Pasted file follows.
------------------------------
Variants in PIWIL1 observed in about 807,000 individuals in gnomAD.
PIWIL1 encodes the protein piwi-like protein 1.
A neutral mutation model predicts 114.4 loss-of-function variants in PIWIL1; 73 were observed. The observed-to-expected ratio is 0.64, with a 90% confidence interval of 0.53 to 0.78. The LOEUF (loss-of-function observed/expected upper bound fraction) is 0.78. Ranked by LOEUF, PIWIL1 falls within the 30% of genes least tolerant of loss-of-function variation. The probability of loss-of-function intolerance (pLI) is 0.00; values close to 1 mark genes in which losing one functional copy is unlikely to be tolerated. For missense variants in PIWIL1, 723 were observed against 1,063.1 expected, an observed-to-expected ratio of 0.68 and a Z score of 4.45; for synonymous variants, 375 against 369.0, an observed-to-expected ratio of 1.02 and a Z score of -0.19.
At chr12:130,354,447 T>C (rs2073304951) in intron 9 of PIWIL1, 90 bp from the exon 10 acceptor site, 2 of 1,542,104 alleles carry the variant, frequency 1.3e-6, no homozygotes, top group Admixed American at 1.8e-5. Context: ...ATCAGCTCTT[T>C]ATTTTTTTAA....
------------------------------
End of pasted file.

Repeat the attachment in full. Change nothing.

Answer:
Variants in PIWIL1 observed in about 807,000 individuals in gnomAD.
PIWIL1 encodes the protein piwi-like protein 1.
A neutral mutation model predicts 114.4 loss-of-function variants in PIWIL1; 73 were observed. The observed-to-expected ratio is 0.64, with a 90% confidence interval of 0.53 to 0.78. The LOEUF (loss-of-function observed/expected upper bound fraction) is 0.78. Ranked by LOEUF, PIWIL1 falls within the 30% of genes least tolerant of loss-of-function variation. The probability of loss-of-function intolerance (pLI) is 0.00; values close to 1 mark genes in which losing one functional copy is unlikely to be tolerated. For missense variants in PIWIL1, 723 were observed against 1,063.1 expected, an observed-to-expected ratio of 0.68 and a Z score of 4.45; for synonymous variants, 375 against 369.0, an observed-to-expected ratio of 1.02 and a Z score of -0.19.
At chr12:130,354,447 T>C (rs2073304951) in intron 9 of PIWIL1, 90 bp from the exon 10 acceptor site, 2 of 1,542,104 alleles carry the variant, frequency 1.3e-6, no homozygotes, top group Admixed American at 1.8e-5. Context: ...ATCAGCTCTT[T>C]ATTTTTTTAA....